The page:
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Hydraulic Hybrid and Conventional Parcel Delivery Vehicles' Measured Laboratory Fuel Economy on Targeted Drive Cycles
ISSN: 2167-4191, e-ISSN: 2167-4205
Published September 30, 2014 by SAE International in United States
Citation: Lammert, M., Burton, J., Sindler, P., and Duran, A., "Hydraulic Hybrid and Conventional Parcel Delivery Vehicles' Measured Laboratory Fuel Economy on Targeted Drive Cycles," SAE Int. J. Alt. Power. 4(1):11-19, 2015, https://doi.org/10.4271/2014-01-2375.
This research project compares laboratory-measured fuel economy of a medium-duty diesel powered hydraulic hybrid vehicle drivetrain to both a conventional diesel drivetrain and a conventional gasoline drivetrain in a typical commercial parcel delivery application. Vehicles in this study included a model year 2012 Freightliner P10HH hybrid compared to a 2012 conventional gasoline P100 and a 2012 conventional diesel parcel delivery van of similar specifications.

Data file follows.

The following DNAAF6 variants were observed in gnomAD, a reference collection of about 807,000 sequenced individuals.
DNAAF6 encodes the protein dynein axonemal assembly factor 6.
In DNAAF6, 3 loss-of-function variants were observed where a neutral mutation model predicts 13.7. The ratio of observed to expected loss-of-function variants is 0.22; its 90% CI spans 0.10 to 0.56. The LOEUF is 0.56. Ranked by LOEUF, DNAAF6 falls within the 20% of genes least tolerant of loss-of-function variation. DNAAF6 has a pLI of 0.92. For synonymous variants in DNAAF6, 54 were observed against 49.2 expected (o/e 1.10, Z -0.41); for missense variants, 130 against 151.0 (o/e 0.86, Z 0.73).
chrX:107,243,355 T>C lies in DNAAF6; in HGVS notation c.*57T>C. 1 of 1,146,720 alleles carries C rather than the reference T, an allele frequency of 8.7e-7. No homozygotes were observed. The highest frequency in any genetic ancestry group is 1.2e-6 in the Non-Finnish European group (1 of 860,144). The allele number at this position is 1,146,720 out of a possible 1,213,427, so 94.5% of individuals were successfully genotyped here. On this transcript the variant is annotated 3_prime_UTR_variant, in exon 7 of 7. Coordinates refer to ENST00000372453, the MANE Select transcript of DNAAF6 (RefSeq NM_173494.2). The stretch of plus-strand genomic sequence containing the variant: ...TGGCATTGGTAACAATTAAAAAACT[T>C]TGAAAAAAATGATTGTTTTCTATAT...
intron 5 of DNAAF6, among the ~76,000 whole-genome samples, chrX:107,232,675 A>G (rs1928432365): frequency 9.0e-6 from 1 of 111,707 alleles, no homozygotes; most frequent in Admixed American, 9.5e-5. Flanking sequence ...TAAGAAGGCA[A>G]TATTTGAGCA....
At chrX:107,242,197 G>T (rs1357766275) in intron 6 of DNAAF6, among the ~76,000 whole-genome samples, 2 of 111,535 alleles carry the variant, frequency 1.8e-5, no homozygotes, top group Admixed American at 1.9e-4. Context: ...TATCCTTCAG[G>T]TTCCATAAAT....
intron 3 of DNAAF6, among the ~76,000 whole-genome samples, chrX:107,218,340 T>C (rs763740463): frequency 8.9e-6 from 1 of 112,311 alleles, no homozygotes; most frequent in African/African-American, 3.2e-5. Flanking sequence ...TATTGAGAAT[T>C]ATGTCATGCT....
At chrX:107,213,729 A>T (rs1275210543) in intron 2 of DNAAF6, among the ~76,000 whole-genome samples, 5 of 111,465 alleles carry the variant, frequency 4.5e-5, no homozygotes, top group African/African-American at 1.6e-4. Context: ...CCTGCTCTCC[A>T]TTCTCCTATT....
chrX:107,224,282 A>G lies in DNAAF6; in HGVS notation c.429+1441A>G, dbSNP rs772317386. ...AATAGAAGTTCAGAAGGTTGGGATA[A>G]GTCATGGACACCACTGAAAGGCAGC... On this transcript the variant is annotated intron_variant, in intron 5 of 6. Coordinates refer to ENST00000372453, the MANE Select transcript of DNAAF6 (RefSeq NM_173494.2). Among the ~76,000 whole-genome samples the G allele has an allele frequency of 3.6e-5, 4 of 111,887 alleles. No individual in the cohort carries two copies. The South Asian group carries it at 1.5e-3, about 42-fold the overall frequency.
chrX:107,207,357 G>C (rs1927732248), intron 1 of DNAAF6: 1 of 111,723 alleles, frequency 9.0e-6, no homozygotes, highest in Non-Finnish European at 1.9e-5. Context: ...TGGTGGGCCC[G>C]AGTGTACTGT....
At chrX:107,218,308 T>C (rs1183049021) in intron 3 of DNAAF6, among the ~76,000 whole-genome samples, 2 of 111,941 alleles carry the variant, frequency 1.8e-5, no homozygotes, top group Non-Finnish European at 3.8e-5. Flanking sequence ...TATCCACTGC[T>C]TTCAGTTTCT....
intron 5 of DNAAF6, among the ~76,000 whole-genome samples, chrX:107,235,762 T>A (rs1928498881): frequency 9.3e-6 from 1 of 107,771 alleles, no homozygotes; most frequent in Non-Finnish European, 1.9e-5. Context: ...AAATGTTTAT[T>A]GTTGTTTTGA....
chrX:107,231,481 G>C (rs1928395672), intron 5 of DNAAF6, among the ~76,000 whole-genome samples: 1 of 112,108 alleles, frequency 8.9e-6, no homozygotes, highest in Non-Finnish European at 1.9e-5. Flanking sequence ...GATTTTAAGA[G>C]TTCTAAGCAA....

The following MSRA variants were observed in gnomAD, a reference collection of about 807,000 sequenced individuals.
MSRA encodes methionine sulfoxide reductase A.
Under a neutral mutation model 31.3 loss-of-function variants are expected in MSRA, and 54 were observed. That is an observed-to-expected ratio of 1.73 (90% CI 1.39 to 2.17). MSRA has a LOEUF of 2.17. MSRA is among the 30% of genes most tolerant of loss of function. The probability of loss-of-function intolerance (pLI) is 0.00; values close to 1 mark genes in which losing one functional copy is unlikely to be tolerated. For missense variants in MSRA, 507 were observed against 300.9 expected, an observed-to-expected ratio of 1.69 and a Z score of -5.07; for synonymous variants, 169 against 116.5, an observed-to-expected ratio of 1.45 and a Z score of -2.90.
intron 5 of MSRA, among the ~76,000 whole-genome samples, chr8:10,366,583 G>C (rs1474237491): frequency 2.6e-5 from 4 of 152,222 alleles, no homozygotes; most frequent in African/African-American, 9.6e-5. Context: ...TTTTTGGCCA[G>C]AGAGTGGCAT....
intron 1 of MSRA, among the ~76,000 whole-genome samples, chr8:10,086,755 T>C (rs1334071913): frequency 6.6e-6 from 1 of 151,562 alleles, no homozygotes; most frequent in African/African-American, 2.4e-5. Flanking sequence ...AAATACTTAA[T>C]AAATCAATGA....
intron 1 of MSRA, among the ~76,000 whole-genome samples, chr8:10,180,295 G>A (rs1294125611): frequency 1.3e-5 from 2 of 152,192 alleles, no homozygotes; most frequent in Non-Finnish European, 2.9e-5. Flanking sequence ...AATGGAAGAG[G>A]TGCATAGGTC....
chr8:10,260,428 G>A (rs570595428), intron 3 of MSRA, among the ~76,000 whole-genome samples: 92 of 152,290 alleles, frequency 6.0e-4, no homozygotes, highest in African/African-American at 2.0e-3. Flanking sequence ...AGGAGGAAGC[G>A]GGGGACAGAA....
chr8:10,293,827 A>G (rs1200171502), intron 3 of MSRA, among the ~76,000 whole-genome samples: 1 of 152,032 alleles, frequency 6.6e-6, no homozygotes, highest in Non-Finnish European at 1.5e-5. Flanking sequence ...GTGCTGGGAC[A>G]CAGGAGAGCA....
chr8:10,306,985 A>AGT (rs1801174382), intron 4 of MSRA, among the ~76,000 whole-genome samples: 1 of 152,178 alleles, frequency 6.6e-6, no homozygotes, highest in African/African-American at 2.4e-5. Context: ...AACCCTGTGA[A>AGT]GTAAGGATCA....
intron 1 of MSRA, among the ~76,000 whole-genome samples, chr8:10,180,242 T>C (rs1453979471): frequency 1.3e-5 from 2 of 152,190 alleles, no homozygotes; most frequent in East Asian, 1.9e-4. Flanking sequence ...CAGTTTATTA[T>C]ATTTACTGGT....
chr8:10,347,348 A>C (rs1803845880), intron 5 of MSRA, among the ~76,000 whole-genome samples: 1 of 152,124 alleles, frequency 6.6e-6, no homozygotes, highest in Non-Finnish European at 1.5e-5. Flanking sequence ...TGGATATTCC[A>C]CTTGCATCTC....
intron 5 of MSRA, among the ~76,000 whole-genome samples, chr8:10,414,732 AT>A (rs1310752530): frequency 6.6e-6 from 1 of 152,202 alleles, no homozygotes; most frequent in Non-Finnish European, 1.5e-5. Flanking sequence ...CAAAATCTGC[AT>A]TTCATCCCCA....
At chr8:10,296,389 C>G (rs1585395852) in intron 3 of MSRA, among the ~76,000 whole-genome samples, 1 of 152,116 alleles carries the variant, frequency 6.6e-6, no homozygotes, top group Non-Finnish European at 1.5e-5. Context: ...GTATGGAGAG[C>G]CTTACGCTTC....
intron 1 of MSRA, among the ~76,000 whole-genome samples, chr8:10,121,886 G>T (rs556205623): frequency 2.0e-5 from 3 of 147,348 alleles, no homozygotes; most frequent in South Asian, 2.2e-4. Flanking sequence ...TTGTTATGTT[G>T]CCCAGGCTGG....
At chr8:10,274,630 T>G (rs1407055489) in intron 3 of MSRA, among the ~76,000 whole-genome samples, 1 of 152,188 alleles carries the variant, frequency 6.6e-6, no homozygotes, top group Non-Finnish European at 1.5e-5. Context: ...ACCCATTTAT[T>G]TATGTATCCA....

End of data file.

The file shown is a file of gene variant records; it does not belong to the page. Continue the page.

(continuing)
Drive cycle analysis of 484 days of hybrid parcel delivery van commercial operation from multiple vehicles was used to select three standard laboratory drive cycles as well as to create a custom representative cycle. These four cycles encompass and bracket the range of real world in-use data observed in Baltimore United Parcel Service operations. The New York City Composite cycle, the City Suburban Heavy Vehicle cycle, and the California Air Resources Board Heavy Heavy-Duty Diesel Truck cycle as well as a custom Baltimore parcel delivery cycle were tested at the National Renewable Energy Laboratory's Renewable Fuels and Lubricants Laboratory. Fuel consumption was measured and analyzed for all three vehicles. Vehicle laboratory results are compared on the basis of fuel economy. The hydraulic hybrid parcel delivery van demonstrated 19%-52% better fuel economy than the conventional diesel parcel delivery van and 30%-56% better fuel economy than the conventional gasoline parcel delivery van on cycles other than the highway-oriented HHDDT cycle.
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